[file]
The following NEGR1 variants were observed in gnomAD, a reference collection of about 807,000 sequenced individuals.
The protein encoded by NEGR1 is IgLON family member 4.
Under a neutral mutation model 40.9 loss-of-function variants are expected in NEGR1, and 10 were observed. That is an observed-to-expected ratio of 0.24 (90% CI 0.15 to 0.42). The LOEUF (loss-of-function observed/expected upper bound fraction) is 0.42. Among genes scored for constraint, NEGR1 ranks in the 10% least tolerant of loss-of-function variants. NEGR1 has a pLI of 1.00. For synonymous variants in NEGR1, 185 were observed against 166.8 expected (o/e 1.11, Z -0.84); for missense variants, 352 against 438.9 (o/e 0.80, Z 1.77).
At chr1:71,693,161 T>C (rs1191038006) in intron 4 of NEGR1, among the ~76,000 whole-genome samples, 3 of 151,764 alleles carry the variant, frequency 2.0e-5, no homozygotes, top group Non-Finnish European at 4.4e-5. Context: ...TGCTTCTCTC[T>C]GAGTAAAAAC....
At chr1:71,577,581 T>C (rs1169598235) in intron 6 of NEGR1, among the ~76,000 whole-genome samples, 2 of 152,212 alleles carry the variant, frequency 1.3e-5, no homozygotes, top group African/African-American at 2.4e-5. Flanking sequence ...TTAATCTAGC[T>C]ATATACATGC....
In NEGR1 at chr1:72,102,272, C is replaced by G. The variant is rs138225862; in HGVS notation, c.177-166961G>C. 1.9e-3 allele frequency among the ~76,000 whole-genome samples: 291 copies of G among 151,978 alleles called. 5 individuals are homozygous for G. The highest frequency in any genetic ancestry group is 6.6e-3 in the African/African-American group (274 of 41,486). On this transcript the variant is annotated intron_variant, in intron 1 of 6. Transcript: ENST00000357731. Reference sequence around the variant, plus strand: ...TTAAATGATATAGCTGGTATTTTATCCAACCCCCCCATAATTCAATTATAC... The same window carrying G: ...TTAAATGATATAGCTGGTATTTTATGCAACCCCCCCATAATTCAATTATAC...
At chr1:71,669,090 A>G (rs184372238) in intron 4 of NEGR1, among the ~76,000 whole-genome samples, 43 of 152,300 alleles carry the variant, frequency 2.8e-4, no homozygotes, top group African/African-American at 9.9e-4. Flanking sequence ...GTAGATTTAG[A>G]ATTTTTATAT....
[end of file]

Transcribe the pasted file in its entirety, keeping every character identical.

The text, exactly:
The following NEGR1 variants were observed in gnomAD, a reference collection of about 807,000 sequenced individuals.
The protein encoded by NEGR1 is IgLON family member 4.
Under a neutral mutation model 40.9 loss-of-function variants are expected in NEGR1, and 10 were observed. That is an observed-to-expected ratio of 0.24 (90% CI 0.15 to 0.42). The LOEUF (loss-of-function observed/expected upper bound fraction) is 0.42. Among genes scored for constraint, NEGR1 ranks in the 10% least tolerant of loss-of-function variants. NEGR1 has a pLI of 1.00. For synonymous variants in NEGR1, 185 were observed against 166.8 expected (o/e 1.11, Z -0.84); for missense variants, 352 against 438.9 (o/e 0.80, Z 1.77).
At chr1:71,693,161 T>C (rs1191038006) in intron 4 of NEGR1, among the ~76,000 whole-genome samples, 3 of 151,764 alleles carry the variant, frequency 2.0e-5, no homozygotes, top group Non-Finnish European at 4.4e-5. Context: ...TGCTTCTCTC[T>C]GAGTAAAAAC....
At chr1:71,577,581 T>C (rs1169598235) in intron 6 of NEGR1, among the ~76,000 whole-genome samples, 2 of 152,212 alleles carry the variant, frequency 1.3e-5, no homozygotes, top group African/African-American at 2.4e-5. Flanking sequence ...TTAATCTAGC[T>C]ATATACATGC....
In NEGR1 at chr1:72,102,272, C is replaced by G. The variant is rs138225862; in HGVS notation, c.177-166961G>C. 1.9e-3 allele frequency among the ~76,000 whole-genome samples: 291 copies of G among 151,978 alleles called. 5 individuals are homozygous for G. The highest frequency in any genetic ancestry group is 6.6e-3 in the African/African-American group (274 of 41,486). On this transcript the variant is annotated intron_variant, in intron 1 of 6. Transcript: ENST00000357731. Reference sequence around the variant, plus strand: ...TTAAATGATATAGCTGGTATTTTATCCAACCCCCCCATAATTCAATTATAC... The same window carrying G: ...TTAAATGATATAGCTGGTATTTTATGCAACCCCCCCATAATTCAATTATAC...
At chr1:71,669,090 A>G (rs184372238) in intron 4 of NEGR1, among the ~76,000 whole-genome samples, 43 of 152,300 alleles carry the variant, frequency 2.8e-4, no homozygotes, top group African/African-American at 9.9e-4. Flanking sequence ...GTAGATTTAG[A>G]ATTTTTATAT....